Sacher’s “alternative” approach to treatment of AIDS patients is informed by the views of Dr. Heinrich Kremer; his 2005 book, “Die stille Revolution von Krebs- und AIDS-Medizin” (The quiet revolution in cancer and AIDS medicine), Ehlers Verlag, Wolfratshausen, is to appear in English translation in the near future. The key is recognition that glutathione is a most important antioxidant which also regulates the Th1/Th2 balance: deficiency of glutathione shifts the balance in the direction of Th2. HIV-positive patients invariably have a glutathione deficiency, and their health improves when this is rectified. In addition, Dr. Sacher monitors carefully and corrects deficiencies in vitamins and minerals; she encourages a healthy lifestyle—exercise, minimizing stress—and uses a number of dietary supplements as indicated in individual cases.

Transparency censored - Swiss bank attempt to shut down WikiLeaks
On Monday [Stephen Soldz] wrote about the unprecedented attempt by Bank Julius Baer to censor the web site by having a San Francisco judge issue a restraining order telling the web site’s domain name registrar to stop from pointing to its actual IP address, This was the first known instance of a court shutting down an entire web site. One Kafkaesque feature of this omnibus order is that the court order and other materials were ordered to be emailed to Wikileaks. But with the domain name abolished, no mail sent to them could get to anyone.

Wikileaks has made a discovery potentially shedding light upon the bank’s motives in the case. Bank Julius Baer was about to launch a $1 billion IPO, and that the press attention and increased regulatory scrutiny flowing from it may well scuttle this deal. After all, it’s hard to launch an IPO when there are suggestions in the press and the blogosphere that your profts may be due to money laundering. It may turn out that this restraining order was an act of self destruction by Bank Julius Baer with few parallels.

Meanwhile, the struggle against this censorship and prior restraint has suddenly become a central front in the battle to preserve freedom of speech for those without the millions to pay for it. We should all stand prepared to assist in any ways requested.

And remember that, while no longer points to it, Wikileaks still exists. Just paste its IP address,
into your web browser, or go to this link, which will connect you to one of numerous WikiLeaks mirror sites. Let the leaks continue!

Pirate Bay team helps Wikileaks
Two founders of The Pirate Bay are lending their secure web hosting skills to Wikileaks, a controversial website dedicated to publishing confidential information on the internet.

The lawsuit filed by Cayman Islands-based Julius Baer Bank and Trust requesting the domain name be shut down came after Wikileaks published documents which the site says "allegedly reveal secret Julius Baer trust structures used for asset hiding, money laundering and tax evasion."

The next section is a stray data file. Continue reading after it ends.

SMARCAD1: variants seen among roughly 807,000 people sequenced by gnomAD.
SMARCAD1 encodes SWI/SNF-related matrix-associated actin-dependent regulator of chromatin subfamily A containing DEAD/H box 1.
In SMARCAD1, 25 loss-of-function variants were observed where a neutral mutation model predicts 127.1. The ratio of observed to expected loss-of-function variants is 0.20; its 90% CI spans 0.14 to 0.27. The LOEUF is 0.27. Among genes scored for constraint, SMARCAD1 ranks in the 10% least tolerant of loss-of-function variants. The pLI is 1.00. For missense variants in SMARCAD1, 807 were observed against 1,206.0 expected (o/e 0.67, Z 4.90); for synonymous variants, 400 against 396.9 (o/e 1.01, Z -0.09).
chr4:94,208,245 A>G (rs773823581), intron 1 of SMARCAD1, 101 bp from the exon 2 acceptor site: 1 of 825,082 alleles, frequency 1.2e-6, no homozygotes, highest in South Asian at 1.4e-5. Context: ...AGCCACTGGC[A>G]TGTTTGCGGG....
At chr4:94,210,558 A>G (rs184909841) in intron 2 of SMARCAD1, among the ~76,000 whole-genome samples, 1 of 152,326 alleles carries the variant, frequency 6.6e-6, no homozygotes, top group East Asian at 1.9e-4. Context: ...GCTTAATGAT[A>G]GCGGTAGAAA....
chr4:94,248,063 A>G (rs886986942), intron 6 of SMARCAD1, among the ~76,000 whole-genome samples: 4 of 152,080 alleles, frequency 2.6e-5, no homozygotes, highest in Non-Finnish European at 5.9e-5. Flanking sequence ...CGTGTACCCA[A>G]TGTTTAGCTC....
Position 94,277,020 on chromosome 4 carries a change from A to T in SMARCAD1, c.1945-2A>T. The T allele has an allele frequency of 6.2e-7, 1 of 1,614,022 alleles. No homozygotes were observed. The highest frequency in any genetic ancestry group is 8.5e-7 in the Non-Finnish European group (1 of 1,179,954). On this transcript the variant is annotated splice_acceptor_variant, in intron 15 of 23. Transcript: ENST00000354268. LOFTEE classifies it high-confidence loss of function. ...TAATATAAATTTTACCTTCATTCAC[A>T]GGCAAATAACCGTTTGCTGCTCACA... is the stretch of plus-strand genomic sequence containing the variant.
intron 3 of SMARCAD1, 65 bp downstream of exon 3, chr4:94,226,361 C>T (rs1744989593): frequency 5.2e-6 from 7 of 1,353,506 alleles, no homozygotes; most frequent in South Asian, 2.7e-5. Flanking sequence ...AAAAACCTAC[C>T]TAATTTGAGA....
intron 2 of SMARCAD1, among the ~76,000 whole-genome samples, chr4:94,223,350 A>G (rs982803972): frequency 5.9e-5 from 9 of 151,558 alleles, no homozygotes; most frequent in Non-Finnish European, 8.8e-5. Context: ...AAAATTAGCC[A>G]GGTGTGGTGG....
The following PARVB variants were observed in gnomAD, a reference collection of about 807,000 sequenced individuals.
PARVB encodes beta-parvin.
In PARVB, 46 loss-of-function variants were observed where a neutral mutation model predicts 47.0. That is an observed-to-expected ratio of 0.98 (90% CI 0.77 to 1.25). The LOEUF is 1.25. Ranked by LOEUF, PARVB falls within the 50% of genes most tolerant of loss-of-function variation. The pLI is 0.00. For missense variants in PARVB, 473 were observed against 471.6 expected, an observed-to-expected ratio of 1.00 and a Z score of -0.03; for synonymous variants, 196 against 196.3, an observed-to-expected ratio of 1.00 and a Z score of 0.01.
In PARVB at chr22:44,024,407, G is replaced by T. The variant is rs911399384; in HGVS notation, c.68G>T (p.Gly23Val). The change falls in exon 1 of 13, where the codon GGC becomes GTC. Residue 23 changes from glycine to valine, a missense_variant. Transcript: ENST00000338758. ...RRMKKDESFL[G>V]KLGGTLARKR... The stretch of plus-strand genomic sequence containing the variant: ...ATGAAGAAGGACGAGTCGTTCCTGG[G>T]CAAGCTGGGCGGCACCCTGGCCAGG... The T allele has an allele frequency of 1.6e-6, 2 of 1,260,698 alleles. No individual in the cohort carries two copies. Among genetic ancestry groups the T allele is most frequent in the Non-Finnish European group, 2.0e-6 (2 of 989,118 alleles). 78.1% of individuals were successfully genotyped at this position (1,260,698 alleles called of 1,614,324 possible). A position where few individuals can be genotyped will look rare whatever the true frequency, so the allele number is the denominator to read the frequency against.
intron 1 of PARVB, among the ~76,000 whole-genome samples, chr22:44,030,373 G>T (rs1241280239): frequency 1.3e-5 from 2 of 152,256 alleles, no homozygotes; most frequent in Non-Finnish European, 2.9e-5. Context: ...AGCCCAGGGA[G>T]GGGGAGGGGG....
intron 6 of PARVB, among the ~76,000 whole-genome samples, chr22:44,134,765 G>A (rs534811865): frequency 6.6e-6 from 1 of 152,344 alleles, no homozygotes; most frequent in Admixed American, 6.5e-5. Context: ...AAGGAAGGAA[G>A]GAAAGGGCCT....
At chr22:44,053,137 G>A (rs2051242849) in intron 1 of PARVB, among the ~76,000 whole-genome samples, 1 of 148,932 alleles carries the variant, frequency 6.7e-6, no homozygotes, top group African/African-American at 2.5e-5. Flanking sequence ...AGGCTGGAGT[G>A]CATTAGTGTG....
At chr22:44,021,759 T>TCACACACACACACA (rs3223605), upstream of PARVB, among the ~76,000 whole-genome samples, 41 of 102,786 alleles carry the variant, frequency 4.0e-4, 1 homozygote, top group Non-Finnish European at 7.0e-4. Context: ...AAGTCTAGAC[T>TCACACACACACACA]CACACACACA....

PRQ's Svartholm felt the ruling had little significance in practice, saying that file sharing sites and other tactics employed by supporters of Wikileaks make it impossible to shut down the site.

Private Race to the Moon Takes Off
Google and X PRIZE officials unveiled nine new privately funded teams today that will compete for $30 million in the Google Lunar X PRIZE challenge, a race to the moon.

"It's not just a new mission," said Peter Diamandis, Chairman and CEO of the X PRIZE Foundation, during the announcement here at Google's headquarters. "It's a new way of doing business." The new teams join the Isle of Man-based Odyssey Moon team that was the first group to take up the challenge.

Space Arms Race Heats Up Overnight
The U.S. Navy's successful missile hit and apparent destruction of a defunct spy satellite represents a major step forward in the space arms race in the eyes of some analysts. Others are not so sure.

"It was an unfortunate choice by the United States that seems to have been unnecessary. The fact is that satellites fall from space all the time and the risk of it was fairly minimal," said Stephen Young, the senior analyst in Washington, D.C., for the Union of Concerned Scientist's Global Security Program. "But the implications of the satellite shootdown could be very severe. We're talking about a potential arms race in space."

- - -

More information out there...

There is much I cannot cover but other sources for this kind of information exist and are active.

Dr Mercola's health blog and Mike Adams' Natural News have great health information.

The Alternative Medicine Yahoo Group is a place where you can discuss and exchange information on what is happening in the world of natural health.

For the influence of electromagnetic waves from radio, mobile phones and other radio emitting devices, check out the emfrefugee group on Yahoo.

If you are interested in a different take on the news that isn't health centered but is certainly fun, check out Robin Good TV News.

Some more sites to keep up to date with the other side of world affairs, the stuff you won't necessarily find on your tv or in the papers:

... and remember:

"The individual is supreme and finds its way through intuition."


posted by Sepp Hasslberger on Sunday February 24 2008
updated on Thursday December 16 2010